Since the operator must necessarily have at least one of his hands on the wheel for the proper operation of the automobile it is obvious that a constant ground is provided whereby any electrical charges may pass from the operator to the car. It is further obvious that by the provision of this invention a constant electrical neutralization is provided between operator and car. The projections on wheel and wires on cover are so disposed that either or both hands of operator will contact one or more of projections Or wires when wheel is grasped.

Having described this invention, claimed is:

1. In a device of the character described the combination consisting of a metallic steering wheel provided with metallic spokes; a metallic steering post for operable engagement with said spokes and the steering mechanism and frame of an automobile, said wheel and spokes being disposed in a plastic casing and metallic projections on said wheel having their respective surfaces in alignment with the plastic surface so as to permit their engagement with the hands of an operator.

2. In an automobile steering wheel, the combination consisting of a metallic ring provided with a plurality of metallic projections extending therefrom; a non-conducting material encasing said ring and projections with the exception of their ends which form a portion of the surface of said steering wheel; said ring and projections in electrical circuit with an automobile and adapted to conduct electrical energy upon engagement of an operator with any of the said exposed projection surfaces.

FLEMING LACY LIPPY.

REFERENCES CITED The following references are of record in the file of this patent:

UNITED STATES PATENTS What is Number Name Date 1,453,181 Ridge Apr. 24, 1923 1,744,004 Hunt Jan. 14, 1930 1,797,545 Churcher Mar. 24, 1931 1,945,283 Loomis Jan. 30, 1934 2,047,838 Smith July 14, 1936 2,216,363 Crawford Oct. 1, 1940 2,524,163 Criss Oct. 3, 1950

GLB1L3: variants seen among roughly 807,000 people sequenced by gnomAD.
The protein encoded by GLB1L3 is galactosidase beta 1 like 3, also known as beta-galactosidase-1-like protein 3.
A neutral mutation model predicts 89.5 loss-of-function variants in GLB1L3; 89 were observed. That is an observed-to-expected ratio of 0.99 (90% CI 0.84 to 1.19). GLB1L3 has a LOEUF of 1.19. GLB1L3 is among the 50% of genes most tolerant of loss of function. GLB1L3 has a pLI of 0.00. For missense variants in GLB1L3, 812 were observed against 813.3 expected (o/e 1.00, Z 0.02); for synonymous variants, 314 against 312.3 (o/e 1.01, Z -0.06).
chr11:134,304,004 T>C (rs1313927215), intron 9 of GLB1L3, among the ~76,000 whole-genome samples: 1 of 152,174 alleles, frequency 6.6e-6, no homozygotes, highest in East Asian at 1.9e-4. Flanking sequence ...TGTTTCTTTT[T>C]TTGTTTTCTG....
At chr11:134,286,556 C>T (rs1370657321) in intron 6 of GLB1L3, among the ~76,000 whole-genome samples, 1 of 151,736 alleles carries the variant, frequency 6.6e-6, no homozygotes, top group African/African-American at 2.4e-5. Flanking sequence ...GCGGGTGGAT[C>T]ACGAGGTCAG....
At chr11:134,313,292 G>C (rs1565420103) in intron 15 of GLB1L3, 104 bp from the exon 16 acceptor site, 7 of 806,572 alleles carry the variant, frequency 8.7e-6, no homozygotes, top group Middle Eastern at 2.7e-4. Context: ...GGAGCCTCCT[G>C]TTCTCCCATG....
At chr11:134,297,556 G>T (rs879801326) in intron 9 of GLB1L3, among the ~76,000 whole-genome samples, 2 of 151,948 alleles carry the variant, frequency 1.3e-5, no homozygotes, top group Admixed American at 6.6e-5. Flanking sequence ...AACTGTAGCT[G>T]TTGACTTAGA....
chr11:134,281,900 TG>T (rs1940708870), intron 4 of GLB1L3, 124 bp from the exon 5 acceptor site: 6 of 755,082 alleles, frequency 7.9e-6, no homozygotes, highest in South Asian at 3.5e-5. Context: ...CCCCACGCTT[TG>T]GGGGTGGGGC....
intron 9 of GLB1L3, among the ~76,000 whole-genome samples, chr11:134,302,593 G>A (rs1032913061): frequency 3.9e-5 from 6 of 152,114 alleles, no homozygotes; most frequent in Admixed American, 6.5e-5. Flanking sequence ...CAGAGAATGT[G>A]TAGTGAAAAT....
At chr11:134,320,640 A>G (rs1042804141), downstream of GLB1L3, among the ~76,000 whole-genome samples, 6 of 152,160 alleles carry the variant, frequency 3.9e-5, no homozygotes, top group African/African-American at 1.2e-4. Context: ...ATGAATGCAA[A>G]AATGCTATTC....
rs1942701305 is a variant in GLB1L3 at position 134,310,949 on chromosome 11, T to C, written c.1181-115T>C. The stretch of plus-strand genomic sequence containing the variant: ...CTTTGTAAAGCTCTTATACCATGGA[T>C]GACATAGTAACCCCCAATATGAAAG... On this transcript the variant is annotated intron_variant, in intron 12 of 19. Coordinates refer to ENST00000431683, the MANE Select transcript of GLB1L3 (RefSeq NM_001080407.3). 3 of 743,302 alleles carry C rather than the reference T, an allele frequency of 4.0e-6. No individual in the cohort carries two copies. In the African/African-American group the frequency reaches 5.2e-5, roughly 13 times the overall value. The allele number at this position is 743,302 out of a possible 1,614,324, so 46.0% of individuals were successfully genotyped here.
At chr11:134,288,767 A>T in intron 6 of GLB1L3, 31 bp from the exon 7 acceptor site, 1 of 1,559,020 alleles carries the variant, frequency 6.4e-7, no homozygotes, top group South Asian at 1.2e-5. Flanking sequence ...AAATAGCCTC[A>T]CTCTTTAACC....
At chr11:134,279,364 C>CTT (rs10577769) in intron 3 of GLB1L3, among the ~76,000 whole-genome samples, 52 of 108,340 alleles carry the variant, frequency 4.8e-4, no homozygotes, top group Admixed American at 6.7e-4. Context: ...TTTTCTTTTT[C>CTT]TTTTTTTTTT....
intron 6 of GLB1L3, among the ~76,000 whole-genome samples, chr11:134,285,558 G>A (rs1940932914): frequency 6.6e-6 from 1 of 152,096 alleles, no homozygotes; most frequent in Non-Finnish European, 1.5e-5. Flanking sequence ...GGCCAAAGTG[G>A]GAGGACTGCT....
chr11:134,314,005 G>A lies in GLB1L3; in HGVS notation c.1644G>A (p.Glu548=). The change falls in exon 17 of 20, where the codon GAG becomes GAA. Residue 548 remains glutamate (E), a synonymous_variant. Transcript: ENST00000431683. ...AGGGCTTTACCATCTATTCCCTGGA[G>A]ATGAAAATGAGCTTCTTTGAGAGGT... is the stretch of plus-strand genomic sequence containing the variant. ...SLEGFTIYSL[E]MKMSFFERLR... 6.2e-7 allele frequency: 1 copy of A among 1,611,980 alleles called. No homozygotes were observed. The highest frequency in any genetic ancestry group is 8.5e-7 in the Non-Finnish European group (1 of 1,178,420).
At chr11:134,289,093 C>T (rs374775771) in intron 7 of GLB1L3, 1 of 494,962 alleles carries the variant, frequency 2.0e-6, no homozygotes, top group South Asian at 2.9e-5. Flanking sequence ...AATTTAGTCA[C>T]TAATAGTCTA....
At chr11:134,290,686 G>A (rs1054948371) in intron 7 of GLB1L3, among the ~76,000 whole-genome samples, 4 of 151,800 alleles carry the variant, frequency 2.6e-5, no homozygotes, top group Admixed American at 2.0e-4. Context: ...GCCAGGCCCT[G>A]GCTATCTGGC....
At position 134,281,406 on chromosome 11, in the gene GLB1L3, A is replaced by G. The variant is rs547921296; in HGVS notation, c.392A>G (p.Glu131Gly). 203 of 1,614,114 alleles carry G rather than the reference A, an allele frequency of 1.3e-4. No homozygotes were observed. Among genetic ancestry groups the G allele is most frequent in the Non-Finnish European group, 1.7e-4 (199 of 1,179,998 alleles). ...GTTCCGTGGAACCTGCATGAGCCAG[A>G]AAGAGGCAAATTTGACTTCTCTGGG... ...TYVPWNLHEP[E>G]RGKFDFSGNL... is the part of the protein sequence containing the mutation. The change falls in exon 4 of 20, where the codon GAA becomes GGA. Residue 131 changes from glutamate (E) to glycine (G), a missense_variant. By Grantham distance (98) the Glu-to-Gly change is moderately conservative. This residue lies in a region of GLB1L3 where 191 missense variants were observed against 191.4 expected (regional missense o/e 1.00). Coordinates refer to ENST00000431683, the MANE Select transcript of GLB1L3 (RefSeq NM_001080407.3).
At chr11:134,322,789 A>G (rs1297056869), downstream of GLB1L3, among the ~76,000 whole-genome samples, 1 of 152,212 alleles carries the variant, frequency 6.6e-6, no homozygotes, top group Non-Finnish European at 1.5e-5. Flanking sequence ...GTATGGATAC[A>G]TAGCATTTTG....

Patent Citations
Cited PatentFiling datePublication dateApplicantTitle
US1453181 *Oct 23, 1922Apr 24, 1923Ridge William FSteering-wheel cover
US1744004 *Dec 19, 1927Jan 14, 1930 of detroit
US1797545 *Aug 6, 1929Mar 24, 1931Glenn L Martin CoVehicle wheel
US1945283 *Jun 24, 1932Jan 30, 1934Union Switch & Signal CoResilient tire construction for track circuit shunting
US2047838 *Sep 20, 1935Jul 14, 1936Gen ElectricMounting for dynamo-electric machines
US2216363 *May 31, 1939Oct 1, 1940Crawford Harry JStatic grounding device for vehicles
US2524163 *Mar 31, 1949Oct 3, 1950Criss Clarence CStatic grounding device for vehicles
Referenced by
Citing PatentFiling datePublication dateApplicantTitle
US3099774 *Jan 8, 1960Jul 30, 1963Crane John JStatic discharge device
US4481556 *Apr 4, 1980Nov 6, 1984Joseph J. BerkeComputer terminal support and hand rest
US4482063 *Dec 18, 1981Nov 13, 1984Joseph J. BerkeComputer terminal support and hand rest
US4482064 *Dec 18, 1981Nov 13, 1984Joseph J. BerkeComputer terminal support and hand rest
US4739536 *Jul 7, 1986Apr 26, 1988Wera Werk Hermann Werner Gmbh & Co.Screwdriver handgrip having harder and softer zones
US4913390 *Sep 21, 1988Apr 3, 1990Berke Joseph JPortable adjustable computer keyboard support and hand rest
US5825605 *Jul 11, 1997Oct 20, 1998Sutherland; Colin A.Electrostatic shock prevention device for use in vehicles
US5892499 *Aug 17, 1996Apr 6, 1999Vulk, Jr.; Joseph PatrickForearm support for computer interface device
US6017006 *Jan 12, 1992Jan 25, 2000Alimed, Inc.Keyboard wrist rest
US20080130188 *Nov 29, 2007Jun 5, 2008Samsung Electronics Co., Ltd.Electrostatic discharge device for portable terminal
USRE33556 *Oct 2, 1989Mar 19, 1991 Computer terminal support and hand rest
Classifications
U.S. Classification361/216, 74/558, 16/DIG.120, 361/220
International ClassificationH05F3/02
Cooperative ClassificationH05F3/02, Y10S16/12
European ClassificationH05F3/02